Change is a constant and it is inevitable. This has never been more accurate than today with the movement towards the modern data centerThe modern data center allows you to deploy architecture that delivers new services to businesses and customers alike. Inevitably, new applications arise and they demand changes in the infrastructure. For years people have called these changes disruptive, revolutionary or even evolutionary.

IT transformational change is often a point of angst for many businesses. Aligning process and people with new technologies may appear to be a daunting task. We believe that software-defined data centers can offer IT organizations the means to transform at their own pace while not having to sacrifice the ability to advance their business.

Last month in Jeremy Burton’s Reflections Blog, “The Pillars of the Modern Data Center”, he talked about the need for IT organizations to modernize their data center and how software-defined, one of the four pillars, can help organizations achieve this goal. Software-defined storage is an integral piece in this transformation. It offers a simpler, more agile and tailored data center, which can result in substantial cost savings.

In the last few months, EMC has continued to expand and enhance our software-defined storage offerings – supporting all data types (block, object and file). In January, we announced the release of ECS 2.2, EMC’s software-defined cloud-scale object storage platform that simplifies storage for traditional as well as next-gen apps with global access and protection. More recently, we announced ScaleIO 2.0, a software-defined, scale-out, block storage server SAN solution. This release focused on enabling IT organizations with the powerful agility that comes with public clouds combined with the security and peace of mind expected from private clouds.

So what does ScaleIO 2.0 release deliver?

  • Enriched Security enabling IT organizations to utilize IPv6 addresses, integrate ScaleIO with their role-based user management platforms (AD/LDAP) as well as provide more granular access for those users.
  • Enhanced Resiliency ensures data is always available and not corrupt using in-flight checksum. Expanded support options, read flash cache capabilities, as well as efficiencies when performing maintenance on ScaleIO servers are few others.
  • Extended Platform Support for new OS platforms like Ubuntu and CoreOS in addition to Redhat, Windows and SUSE Linux and expanded OpenStack capabilities in addition to Mirantis, Docker and Mesosphere. By expanding the functionality of ScaleIO’s active GUI, IT organizations are able to streamline operations and simplify user experience.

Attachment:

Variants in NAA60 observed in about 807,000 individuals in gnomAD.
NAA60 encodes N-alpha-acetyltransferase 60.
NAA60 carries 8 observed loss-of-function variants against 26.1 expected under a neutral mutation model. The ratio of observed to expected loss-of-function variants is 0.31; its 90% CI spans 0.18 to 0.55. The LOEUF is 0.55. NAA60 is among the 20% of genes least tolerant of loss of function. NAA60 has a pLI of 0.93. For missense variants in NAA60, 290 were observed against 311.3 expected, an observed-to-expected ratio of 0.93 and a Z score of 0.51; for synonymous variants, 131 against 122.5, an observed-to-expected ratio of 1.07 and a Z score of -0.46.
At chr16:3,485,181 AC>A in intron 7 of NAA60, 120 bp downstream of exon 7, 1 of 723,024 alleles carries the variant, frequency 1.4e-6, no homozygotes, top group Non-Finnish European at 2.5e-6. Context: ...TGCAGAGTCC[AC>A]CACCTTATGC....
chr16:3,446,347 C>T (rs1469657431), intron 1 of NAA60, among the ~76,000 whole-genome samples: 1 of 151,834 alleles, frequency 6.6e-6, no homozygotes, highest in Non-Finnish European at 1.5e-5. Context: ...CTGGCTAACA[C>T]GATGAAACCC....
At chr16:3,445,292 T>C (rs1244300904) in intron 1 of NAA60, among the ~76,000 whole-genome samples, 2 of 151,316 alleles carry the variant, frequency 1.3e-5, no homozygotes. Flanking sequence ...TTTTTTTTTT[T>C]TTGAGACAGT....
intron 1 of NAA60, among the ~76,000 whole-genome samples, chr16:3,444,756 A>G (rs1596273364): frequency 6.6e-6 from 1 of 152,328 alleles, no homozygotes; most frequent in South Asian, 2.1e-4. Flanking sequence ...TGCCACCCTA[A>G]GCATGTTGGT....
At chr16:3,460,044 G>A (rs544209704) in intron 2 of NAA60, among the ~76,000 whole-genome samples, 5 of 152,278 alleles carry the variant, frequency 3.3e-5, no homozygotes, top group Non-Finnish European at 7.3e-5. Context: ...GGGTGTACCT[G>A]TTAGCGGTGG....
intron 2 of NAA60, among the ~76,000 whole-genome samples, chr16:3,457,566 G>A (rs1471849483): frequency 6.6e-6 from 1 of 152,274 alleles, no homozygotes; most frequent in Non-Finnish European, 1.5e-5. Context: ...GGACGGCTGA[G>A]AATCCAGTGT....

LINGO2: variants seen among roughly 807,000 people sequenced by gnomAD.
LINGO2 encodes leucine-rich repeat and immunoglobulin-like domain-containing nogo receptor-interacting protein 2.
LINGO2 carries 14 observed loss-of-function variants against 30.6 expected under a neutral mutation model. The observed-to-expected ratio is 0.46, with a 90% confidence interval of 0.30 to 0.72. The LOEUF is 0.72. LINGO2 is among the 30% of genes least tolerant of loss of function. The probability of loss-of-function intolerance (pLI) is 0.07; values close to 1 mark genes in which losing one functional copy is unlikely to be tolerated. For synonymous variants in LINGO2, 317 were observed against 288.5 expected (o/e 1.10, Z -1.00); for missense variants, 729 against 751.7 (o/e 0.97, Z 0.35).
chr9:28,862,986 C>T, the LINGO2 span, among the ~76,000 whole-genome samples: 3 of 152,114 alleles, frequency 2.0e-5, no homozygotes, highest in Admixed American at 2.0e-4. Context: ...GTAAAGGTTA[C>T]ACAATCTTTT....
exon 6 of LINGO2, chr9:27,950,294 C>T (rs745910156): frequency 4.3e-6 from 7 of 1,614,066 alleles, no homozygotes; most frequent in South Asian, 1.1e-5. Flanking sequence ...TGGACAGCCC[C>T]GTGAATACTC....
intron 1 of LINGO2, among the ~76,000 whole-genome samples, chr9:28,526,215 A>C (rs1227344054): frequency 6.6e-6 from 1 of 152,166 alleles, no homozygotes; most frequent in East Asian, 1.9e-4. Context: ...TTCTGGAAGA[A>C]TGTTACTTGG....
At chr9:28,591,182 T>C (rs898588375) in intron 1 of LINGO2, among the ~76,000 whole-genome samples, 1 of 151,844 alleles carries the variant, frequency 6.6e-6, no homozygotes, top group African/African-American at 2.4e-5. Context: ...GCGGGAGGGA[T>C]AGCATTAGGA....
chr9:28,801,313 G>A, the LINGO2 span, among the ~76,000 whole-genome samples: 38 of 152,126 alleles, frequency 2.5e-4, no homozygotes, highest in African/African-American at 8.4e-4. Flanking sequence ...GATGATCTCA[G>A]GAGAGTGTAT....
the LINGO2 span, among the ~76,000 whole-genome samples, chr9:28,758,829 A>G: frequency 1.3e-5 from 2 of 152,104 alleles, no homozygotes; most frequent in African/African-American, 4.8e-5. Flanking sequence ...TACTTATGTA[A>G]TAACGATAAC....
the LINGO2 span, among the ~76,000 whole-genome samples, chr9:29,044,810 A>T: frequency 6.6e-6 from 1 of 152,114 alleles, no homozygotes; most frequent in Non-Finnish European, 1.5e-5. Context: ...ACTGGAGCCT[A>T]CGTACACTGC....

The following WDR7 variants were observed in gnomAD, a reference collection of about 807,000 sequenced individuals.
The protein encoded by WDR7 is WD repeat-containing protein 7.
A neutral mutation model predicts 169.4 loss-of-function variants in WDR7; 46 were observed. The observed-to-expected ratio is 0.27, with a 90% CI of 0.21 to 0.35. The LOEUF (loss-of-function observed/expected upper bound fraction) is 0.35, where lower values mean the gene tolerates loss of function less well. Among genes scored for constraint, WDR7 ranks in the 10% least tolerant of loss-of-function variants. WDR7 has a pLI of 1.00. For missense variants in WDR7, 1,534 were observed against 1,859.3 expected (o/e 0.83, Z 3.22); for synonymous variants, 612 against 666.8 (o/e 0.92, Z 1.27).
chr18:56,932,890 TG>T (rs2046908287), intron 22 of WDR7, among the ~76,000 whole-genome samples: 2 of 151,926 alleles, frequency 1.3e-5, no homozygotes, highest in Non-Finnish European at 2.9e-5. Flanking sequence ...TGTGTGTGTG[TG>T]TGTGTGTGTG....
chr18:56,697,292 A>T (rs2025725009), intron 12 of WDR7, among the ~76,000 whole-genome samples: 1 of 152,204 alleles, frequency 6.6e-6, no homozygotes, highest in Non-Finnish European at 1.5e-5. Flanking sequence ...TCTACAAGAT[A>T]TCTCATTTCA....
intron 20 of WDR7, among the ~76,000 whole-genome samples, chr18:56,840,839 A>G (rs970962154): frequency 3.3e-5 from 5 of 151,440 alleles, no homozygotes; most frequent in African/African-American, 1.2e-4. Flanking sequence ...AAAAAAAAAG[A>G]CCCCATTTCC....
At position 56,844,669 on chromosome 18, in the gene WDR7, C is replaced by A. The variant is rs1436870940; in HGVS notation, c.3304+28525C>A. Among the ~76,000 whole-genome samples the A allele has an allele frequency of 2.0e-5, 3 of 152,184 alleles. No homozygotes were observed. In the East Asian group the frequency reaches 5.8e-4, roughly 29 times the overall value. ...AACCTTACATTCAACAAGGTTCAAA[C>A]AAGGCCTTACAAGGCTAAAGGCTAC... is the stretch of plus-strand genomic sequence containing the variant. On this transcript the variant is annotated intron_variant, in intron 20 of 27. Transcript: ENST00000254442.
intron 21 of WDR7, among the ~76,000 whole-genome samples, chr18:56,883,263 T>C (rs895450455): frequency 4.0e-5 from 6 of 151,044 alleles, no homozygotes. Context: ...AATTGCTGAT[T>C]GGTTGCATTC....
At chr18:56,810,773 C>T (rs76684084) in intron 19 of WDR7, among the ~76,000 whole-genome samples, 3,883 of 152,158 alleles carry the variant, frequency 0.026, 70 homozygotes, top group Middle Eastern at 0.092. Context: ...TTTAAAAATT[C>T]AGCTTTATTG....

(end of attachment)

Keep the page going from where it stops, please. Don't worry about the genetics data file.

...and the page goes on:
As a software-defined block storage solution, IT organizations have a wide range of choice in deploying ScaleIO – as a software, or as a storage-only or better still as a full turnkey VCE VxRack Flex 1000 hyper-converged system.

Don’t take our word for it. Larry Lau, Director of Architecture and Infrastructure at Verizon Labs said, “With high performance and intelligent data management in mind, Verizon Labs turned to ScaleIO to help provide the resiliency and agility needed to serve Verizon customers.”

These announcements are just the start. We firmly believe that software-defined storage will be at the heart of modern data center transformation in the coming years. At EMC World 2016, IT organizations will hear on topics ranging from flash, software-defined storage, converged infrastructure, and rack scale architectures to hybrid cloud and data lakes.

While change is constant and inevitable, our mission is to empower you with the cutting-edge storage solutions needed to achieve your data center transformation.

CJ Desai

CJ Desai

President, Emerging Technologies
CJ Desai is President of the Emerging Technologies Division at EMC. He oversees all aspects of the business including product development, finance, marketing, sales and product management. In addition, he is responsible for leading the investigation of additional opportunities in emerging strategic product segments that represent new addressable markets for EMC with a focus on disruptive technologies. He is based at EMC’s offices in Santa Clara, California, United States.
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